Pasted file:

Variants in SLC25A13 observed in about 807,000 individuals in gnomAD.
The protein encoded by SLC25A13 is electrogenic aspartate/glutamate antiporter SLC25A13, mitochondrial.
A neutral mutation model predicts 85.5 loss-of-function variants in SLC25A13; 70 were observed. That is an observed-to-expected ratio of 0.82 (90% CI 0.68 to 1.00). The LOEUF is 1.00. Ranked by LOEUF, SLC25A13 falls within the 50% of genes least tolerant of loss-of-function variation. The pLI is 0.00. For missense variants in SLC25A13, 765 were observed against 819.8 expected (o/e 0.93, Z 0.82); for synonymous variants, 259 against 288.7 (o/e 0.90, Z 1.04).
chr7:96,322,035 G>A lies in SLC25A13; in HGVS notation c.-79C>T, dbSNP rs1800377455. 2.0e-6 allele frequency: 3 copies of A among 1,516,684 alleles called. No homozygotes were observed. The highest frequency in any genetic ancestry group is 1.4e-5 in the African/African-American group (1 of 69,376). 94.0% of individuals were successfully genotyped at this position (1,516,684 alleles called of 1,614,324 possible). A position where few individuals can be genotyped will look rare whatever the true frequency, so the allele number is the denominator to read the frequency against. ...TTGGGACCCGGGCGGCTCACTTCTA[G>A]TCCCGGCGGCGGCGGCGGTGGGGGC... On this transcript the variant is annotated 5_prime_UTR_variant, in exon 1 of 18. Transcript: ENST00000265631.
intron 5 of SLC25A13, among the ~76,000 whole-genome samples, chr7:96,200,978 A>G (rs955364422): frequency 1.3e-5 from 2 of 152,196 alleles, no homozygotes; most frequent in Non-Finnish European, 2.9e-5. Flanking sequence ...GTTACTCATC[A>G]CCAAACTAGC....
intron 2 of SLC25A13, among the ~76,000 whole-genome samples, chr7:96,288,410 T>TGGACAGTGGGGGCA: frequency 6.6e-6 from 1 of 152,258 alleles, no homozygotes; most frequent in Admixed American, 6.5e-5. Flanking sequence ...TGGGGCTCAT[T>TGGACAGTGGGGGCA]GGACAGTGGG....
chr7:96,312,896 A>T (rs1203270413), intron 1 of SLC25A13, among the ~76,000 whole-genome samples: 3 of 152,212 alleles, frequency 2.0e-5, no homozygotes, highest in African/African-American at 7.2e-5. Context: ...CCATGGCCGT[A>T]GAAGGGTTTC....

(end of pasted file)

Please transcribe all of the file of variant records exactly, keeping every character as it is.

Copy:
Variants in SLC25A13 observed in about 807,000 individuals in gnomAD.
The protein encoded by SLC25A13 is electrogenic aspartate/glutamate antiporter SLC25A13, mitochondrial.
A neutral mutation model predicts 85.5 loss-of-function variants in SLC25A13; 70 were observed. That is an observed-to-expected ratio of 0.82 (90% CI 0.68 to 1.00). The LOEUF is 1.00. Ranked by LOEUF, SLC25A13 falls within the 50% of genes least tolerant of loss-of-function variation. The pLI is 0.00. For missense variants in SLC25A13, 765 were observed against 819.8 expected (o/e 0.93, Z 0.82); for synonymous variants, 259 against 288.7 (o/e 0.90, Z 1.04).
chr7:96,322,035 G>A lies in SLC25A13; in HGVS notation c.-79C>T, dbSNP rs1800377455. 2.0e-6 allele frequency: 3 copies of A among 1,516,684 alleles called. No homozygotes were observed. The highest frequency in any genetic ancestry group is 1.4e-5 in the African/African-American group (1 of 69,376). 94.0% of individuals were successfully genotyped at this position (1,516,684 alleles called of 1,614,324 possible). A position where few individuals can be genotyped will look rare whatever the true frequency, so the allele number is the denominator to read the frequency against. ...TTGGGACCCGGGCGGCTCACTTCTA[G>A]TCCCGGCGGCGGCGGCGGTGGGGGC... On this transcript the variant is annotated 5_prime_UTR_variant, in exon 1 of 18. Transcript: ENST00000265631.
intron 5 of SLC25A13, among the ~76,000 whole-genome samples, chr7:96,200,978 A>G (rs955364422): frequency 1.3e-5 from 2 of 152,196 alleles, no homozygotes; most frequent in Non-Finnish European, 2.9e-5. Flanking sequence ...GTTACTCATC[A>G]CCAAACTAGC....
intron 2 of SLC25A13, among the ~76,000 whole-genome samples, chr7:96,288,410 T>TGGACAGTGGGGGCA: frequency 6.6e-6 from 1 of 152,258 alleles, no homozygotes; most frequent in Admixed American, 6.5e-5. Flanking sequence ...TGGGGCTCAT[T>TGGACAGTGGGGGCA]GGACAGTGGG....
chr7:96,312,896 A>T (rs1203270413), intron 1 of SLC25A13, among the ~76,000 whole-genome samples: 3 of 152,212 alleles, frequency 2.0e-5, no homozygotes, highest in African/African-American at 7.2e-5. Context: ...CCATGGCCGT[A>T]GAAGGGTTTC....